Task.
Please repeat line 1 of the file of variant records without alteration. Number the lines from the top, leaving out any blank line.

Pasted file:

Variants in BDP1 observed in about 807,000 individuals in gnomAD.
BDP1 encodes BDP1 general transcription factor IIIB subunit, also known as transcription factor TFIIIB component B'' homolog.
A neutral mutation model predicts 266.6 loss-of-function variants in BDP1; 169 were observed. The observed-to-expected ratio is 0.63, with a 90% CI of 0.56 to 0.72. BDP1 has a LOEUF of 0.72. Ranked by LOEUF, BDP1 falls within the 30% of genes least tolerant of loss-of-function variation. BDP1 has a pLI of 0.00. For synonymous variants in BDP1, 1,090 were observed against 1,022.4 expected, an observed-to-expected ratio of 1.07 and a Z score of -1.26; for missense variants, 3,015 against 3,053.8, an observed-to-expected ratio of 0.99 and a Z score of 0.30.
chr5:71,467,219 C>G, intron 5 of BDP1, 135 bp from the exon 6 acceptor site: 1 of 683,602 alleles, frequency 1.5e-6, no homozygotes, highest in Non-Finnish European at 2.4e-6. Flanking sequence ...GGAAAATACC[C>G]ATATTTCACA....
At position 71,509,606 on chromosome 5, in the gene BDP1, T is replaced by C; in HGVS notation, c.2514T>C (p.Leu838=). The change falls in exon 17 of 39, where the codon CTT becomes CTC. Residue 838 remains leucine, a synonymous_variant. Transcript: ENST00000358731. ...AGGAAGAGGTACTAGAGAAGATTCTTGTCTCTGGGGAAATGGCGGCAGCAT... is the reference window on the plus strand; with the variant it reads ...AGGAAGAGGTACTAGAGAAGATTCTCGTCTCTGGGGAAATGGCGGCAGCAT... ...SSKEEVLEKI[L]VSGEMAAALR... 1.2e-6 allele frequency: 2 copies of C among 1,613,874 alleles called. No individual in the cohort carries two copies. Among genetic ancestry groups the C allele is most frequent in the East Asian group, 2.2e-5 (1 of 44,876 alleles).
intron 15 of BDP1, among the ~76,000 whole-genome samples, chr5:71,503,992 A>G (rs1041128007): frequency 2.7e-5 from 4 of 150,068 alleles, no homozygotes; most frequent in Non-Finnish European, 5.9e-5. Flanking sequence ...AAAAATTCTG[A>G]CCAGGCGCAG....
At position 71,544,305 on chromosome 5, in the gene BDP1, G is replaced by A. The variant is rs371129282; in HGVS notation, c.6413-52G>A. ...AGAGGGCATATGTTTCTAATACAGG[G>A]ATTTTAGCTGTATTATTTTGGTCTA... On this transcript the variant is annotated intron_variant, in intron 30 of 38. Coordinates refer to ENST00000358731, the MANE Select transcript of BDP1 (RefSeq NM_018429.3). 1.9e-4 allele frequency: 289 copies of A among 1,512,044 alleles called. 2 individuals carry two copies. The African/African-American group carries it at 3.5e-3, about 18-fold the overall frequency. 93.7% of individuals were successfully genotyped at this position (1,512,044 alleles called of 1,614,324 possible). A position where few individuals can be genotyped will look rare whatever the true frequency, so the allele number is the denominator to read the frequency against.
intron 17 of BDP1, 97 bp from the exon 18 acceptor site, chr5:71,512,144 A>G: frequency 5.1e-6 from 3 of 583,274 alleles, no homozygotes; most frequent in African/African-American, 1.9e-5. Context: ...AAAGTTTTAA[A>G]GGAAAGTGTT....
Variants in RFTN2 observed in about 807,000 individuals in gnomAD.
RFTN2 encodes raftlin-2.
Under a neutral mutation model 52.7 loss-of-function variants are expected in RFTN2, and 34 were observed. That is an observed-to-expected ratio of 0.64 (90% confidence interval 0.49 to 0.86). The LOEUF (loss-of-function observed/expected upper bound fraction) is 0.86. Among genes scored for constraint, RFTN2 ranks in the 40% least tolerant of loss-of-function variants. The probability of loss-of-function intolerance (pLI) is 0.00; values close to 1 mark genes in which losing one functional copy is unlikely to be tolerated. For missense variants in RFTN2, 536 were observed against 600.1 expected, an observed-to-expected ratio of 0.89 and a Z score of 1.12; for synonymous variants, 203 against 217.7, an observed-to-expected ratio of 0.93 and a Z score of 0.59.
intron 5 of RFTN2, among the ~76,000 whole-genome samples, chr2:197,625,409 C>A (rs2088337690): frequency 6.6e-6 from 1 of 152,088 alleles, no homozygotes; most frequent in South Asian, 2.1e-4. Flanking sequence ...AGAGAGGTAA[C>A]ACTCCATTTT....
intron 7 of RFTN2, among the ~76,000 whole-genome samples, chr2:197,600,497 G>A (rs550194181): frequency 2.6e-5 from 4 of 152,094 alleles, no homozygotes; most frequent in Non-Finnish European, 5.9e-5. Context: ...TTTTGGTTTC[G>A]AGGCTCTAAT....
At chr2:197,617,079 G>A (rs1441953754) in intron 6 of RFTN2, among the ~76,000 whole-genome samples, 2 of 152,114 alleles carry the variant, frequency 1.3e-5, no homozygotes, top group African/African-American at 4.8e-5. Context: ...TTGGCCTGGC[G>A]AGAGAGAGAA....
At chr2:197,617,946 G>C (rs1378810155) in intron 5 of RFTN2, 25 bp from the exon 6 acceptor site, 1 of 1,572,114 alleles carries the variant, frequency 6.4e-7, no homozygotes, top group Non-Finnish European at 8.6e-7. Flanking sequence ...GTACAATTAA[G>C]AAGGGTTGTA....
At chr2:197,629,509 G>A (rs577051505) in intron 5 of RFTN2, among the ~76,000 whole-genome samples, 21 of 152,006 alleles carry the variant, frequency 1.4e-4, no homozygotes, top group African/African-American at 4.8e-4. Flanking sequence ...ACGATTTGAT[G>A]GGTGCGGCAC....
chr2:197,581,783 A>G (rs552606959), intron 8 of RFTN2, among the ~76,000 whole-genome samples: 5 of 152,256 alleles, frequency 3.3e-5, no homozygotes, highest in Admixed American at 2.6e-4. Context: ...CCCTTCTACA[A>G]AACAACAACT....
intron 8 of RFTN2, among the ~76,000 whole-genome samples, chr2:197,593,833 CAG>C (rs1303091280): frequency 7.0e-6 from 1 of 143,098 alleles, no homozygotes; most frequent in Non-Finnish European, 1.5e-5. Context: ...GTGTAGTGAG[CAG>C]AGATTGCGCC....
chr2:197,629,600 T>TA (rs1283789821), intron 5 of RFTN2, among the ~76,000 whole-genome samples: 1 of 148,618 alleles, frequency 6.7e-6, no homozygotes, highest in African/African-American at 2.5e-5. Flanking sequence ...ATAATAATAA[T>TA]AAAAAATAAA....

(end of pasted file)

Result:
Variants in BDP1 observed in about 807,000 individuals in gnomAD.